While the Green party has consistently had the most interesting platform, the Canadian candidates don't have a Canadian record to look at. I see no evidence that any other party without seats in the last parliament has a chance this time, so as interesting as their ideas may be they won't be part of the "chosen 308".

Libs make it tough to like them

The Hill Times published a letter to the editor I sent to them earlier.

While the Liberals don't have policy documents, the party has answered critical technology law questions that The Canadian Internet Policy and Public Interest Clinic (CIPPIC) asked.

The Liberals started by insulting us on their answer to the first question, entirely dismissing the concerns of many Canadians, including computer and security experts.

Andy Scott (Fredericton, Liberal)

The campaign office sent a coyy of the Liberal party answers to CIPPIC's questions.

Ted Haney (Calgary - Nose Hill, Liberal)

Sent a copy of the Liberal party response to CIPPIC.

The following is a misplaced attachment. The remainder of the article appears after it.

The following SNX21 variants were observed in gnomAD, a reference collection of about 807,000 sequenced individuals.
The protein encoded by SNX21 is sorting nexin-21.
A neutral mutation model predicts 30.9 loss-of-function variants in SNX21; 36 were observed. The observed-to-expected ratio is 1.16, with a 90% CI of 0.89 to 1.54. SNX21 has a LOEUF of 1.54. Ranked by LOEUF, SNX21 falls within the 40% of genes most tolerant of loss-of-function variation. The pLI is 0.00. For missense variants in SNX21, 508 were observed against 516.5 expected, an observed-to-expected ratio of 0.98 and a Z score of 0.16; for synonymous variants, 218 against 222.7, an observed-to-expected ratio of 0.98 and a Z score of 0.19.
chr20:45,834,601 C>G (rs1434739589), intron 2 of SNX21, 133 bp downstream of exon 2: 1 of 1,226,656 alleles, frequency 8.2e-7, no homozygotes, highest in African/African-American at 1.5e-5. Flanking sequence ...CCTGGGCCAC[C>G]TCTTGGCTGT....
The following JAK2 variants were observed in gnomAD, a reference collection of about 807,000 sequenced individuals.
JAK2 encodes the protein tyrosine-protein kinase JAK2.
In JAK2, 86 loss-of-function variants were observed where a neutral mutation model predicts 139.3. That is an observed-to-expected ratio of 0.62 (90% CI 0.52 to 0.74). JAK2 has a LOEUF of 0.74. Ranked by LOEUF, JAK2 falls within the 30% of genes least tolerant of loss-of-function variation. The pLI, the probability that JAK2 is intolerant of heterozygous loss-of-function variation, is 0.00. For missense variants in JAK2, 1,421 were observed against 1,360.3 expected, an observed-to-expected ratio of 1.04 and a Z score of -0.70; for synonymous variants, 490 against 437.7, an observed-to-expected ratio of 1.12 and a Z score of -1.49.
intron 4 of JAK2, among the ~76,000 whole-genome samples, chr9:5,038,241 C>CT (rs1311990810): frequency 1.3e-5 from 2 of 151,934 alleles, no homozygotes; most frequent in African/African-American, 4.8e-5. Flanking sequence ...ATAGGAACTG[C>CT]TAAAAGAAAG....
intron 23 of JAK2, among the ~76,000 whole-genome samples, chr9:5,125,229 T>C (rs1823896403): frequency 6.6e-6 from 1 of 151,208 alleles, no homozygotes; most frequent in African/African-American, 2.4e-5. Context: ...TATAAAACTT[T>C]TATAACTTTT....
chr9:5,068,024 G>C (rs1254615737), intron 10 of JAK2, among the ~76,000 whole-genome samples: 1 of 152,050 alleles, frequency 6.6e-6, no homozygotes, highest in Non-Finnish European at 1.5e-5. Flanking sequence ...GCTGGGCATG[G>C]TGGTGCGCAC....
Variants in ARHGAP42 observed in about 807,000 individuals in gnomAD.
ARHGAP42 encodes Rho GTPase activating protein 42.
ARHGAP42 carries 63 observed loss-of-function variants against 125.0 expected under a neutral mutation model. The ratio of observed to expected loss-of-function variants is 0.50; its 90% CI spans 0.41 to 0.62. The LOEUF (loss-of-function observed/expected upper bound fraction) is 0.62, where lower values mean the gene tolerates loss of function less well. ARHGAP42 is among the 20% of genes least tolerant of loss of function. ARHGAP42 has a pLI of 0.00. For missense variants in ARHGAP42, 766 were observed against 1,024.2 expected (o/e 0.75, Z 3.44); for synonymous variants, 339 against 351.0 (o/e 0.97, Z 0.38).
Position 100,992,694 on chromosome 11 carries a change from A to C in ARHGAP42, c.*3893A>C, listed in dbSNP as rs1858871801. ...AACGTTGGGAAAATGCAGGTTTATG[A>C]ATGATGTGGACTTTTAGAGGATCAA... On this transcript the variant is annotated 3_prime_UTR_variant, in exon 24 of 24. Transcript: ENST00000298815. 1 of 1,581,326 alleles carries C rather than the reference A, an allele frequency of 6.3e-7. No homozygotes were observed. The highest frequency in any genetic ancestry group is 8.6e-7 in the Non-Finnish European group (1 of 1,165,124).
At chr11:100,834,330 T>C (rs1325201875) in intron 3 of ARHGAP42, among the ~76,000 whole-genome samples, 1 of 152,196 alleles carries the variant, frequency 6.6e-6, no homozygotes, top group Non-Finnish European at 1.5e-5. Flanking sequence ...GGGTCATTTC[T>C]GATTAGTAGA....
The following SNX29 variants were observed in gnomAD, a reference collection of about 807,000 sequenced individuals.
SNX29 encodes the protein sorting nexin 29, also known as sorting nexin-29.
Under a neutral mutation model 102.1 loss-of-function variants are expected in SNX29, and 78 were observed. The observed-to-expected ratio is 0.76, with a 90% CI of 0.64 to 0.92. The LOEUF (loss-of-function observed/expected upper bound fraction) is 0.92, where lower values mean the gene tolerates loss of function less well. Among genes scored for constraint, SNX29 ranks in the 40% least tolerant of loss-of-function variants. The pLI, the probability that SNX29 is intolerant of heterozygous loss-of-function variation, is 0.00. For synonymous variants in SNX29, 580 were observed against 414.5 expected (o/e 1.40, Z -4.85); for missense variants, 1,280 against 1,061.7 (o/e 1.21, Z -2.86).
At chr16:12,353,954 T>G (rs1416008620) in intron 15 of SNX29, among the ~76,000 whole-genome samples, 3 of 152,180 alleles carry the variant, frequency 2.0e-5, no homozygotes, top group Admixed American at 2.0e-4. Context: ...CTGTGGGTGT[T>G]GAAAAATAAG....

Canadian Teachers' Federation (CTF) gets some answers to election questions

The future of this country lies with our children and youth. That is why the Canadian Teachers' Federation (CTF) has identified key issues that have an impact on the challenges faced, on a daily basis, by teachers in their efforts to meet the diverse and growing range of children's needs.

See Federal Election page on CTF website. They have a page focused on copyright, and a PDF of their questions and some party replies.

p2pnet: Canadian election Net, Tech Q and A

This p2pnet article puts all the CIPPIC answers received so far in a simple format.

However, CIPPIC (Canadian Internet Policy and Public Interest Clinic) hasn't forgotten and recently launched a site specifically asking for party positions on copyright law reform, police surveillance powers, telecommunications policy reform, and legislative responses to spam, spyware, ID theft, and other privacy invasions.

ITBusiness: Liberal fundraiser stirs up copyright controversy

This article by Neil Sutton in ITBusiness.ca includes this misinformation from Bulte: